• "There's plenty of adult room front and rear in both 4-door models, but it's almost limo-like in the back of the Crewmax. Step-in is a bit high, but that can be said for most pickups. Visibility is quite good in all directions, which cannot." -- Consumer Guide

Interior Features

The 2014 Toyota Tundra comes standard with power windows, a backup camera, a USB port, Bluetooth and Toyota's Entune multimedia system with a 6.1-inch touch screen. Options include the Entune App Suite, which integrates apps like Bing, iHeartRadio and Pandora when paired with a smartphone. Other options include  navigation, a JBL premium stereo system, dual-zone automatic climate control, a power moonroof, a retractable rear window and blind spot monitoring.

Reviewers note that the knobs and buttons are large and easy to operate and Entune is located in a way that makes it easy to read. One critic wishes there were more USB ports, however.

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  • "Regardless of vehicle type, one of the main points of focus in recent years has been infotainment systems, and Tundra is fully up to date in this regard." -- Consumer Guide 
  • "Although the ability to stream Internet radio and search for points of interest on Bing are nice features, we would have liked to see the automaker add another USB port or two, as even top trims have only a single port (whereas competitors offer multiple charging ports)." -- Edmunds
  • "The truck's big knobs remain (easier to use with gloved hands), but the controls and layout are sleeker." -- Kelley Blue Book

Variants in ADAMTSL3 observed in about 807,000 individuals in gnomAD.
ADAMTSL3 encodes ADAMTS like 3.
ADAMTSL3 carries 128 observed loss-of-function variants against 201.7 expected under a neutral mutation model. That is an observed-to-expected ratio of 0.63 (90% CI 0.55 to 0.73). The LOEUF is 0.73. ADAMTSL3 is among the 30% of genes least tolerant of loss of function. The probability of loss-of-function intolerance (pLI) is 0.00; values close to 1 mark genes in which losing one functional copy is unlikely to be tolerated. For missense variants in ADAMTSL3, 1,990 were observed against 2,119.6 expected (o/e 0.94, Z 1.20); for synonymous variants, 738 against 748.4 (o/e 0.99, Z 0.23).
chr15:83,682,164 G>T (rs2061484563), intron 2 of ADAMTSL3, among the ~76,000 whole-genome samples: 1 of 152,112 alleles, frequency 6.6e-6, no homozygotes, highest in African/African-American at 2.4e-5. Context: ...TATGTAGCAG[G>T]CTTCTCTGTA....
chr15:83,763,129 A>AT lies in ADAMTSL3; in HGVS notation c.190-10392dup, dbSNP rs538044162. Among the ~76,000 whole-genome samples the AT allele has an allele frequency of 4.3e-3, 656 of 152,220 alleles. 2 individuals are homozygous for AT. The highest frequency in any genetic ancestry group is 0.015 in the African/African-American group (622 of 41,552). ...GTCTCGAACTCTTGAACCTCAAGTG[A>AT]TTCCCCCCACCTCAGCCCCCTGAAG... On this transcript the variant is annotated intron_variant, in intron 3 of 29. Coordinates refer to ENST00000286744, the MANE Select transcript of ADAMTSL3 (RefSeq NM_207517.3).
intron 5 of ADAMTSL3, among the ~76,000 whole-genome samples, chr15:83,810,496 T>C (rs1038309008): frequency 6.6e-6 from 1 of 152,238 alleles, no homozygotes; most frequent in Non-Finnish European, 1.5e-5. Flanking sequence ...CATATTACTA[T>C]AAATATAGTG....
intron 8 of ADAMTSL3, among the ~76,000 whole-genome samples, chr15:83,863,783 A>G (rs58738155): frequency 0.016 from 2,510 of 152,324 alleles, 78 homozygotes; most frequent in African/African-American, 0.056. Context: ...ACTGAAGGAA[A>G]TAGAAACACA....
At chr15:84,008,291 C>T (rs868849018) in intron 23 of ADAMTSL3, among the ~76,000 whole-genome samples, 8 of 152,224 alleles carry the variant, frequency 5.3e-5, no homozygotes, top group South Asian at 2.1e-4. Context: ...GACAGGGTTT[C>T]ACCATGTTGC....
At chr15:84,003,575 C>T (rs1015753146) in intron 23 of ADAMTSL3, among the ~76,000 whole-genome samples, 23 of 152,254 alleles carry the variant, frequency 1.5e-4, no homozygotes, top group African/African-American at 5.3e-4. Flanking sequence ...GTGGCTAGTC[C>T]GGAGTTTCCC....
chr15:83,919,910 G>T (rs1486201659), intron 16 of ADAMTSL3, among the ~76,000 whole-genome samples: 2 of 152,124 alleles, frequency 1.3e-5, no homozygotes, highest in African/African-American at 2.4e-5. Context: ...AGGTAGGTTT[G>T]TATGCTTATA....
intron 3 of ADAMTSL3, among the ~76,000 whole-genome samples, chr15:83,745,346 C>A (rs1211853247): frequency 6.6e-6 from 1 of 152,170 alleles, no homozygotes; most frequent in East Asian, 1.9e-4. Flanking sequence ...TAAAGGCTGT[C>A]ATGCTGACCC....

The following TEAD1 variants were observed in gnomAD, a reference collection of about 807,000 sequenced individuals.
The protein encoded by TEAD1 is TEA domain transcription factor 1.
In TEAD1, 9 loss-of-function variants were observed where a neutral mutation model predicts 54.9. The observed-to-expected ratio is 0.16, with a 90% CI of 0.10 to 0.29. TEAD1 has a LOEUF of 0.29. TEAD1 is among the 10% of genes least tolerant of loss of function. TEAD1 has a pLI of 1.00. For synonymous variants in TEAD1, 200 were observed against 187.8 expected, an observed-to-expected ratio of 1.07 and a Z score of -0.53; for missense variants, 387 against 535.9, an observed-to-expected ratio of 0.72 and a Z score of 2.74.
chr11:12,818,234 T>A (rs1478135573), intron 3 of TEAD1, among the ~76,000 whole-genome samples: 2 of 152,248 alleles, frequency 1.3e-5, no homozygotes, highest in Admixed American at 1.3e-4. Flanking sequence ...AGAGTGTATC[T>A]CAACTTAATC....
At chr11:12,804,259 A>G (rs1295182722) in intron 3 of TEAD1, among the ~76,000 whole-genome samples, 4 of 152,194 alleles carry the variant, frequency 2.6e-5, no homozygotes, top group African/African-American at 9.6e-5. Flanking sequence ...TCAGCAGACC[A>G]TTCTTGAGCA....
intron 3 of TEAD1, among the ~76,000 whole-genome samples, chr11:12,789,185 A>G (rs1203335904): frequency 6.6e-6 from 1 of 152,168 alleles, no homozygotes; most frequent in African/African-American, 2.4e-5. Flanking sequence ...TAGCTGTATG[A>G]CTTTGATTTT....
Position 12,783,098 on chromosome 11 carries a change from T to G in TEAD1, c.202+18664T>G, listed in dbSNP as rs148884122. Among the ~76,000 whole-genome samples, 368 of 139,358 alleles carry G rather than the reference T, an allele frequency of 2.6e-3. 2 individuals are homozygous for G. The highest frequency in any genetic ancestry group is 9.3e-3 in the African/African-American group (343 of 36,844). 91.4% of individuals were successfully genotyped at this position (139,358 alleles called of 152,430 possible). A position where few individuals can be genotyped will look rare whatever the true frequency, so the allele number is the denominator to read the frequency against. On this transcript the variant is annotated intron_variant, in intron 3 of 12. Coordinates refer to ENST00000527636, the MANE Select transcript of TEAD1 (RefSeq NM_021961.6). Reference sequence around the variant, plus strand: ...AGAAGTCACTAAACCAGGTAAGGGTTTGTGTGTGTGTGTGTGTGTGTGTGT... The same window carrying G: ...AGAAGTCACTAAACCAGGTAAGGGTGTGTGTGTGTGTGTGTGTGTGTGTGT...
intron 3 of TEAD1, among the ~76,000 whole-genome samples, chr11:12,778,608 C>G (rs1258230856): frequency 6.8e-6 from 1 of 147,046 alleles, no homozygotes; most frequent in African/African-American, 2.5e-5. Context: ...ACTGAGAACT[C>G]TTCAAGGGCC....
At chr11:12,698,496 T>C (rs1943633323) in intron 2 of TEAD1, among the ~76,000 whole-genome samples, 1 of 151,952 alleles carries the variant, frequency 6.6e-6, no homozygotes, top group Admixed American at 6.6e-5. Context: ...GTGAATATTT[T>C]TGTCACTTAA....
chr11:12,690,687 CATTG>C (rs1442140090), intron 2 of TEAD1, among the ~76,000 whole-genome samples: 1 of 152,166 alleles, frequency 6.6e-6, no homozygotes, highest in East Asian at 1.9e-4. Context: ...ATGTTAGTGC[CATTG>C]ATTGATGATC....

• "The gauge cluster is also easier to read, with the new 3.1-inch color TFT display being particularly clear, and the Entune touchscreen is well placed for viewing from either seat and features a standard backup camera." -- Autoblog

Cargo

Regular and Double Cab Tundras come with either a 6.5- or 8.1-foot bed, while CrewMax models have a 5.5-foot bed. Reviewers say Double Cab and CrewMax models offer plenty of space for locking up items in the cab. One reviewer wishes that Toyota had more innovative bed features like the Ram 1500's RamBox or Ford F-150's tailgate step.

  • "Another gripe about the Tundra is that nothing much is happening in the cargo bed. Compared with the Ram's clever cargo management system and bodyside storage compartments or the Ford F-150's bed extender and deployable tailgate step, it's not too advanced." -- Automobile Magazine
  • "There are numerous storage compartments in the cabin. With front bucket seats, there's a huge center console bin; with the bench seat, the center cushion flips up to reveal a good-sized storage bin. In back, the seat cushions fold up to make a large, flat-floored cargo area; on the Double Cab, you can get a large storage bin underneath." -- Consumer Guide
  • "The folding rear seats in double cabs and CrewMaxes also provide a good amount of protected storage for valuable items you'd rather not leave in the bed." -- Edmunds
  • "The cab is just as spacious as other full-size pickups. Toyota even reworked the rear seat to make it more useful for hauling cargo." -- AutoTrader
Review Last Updated: 5/16/14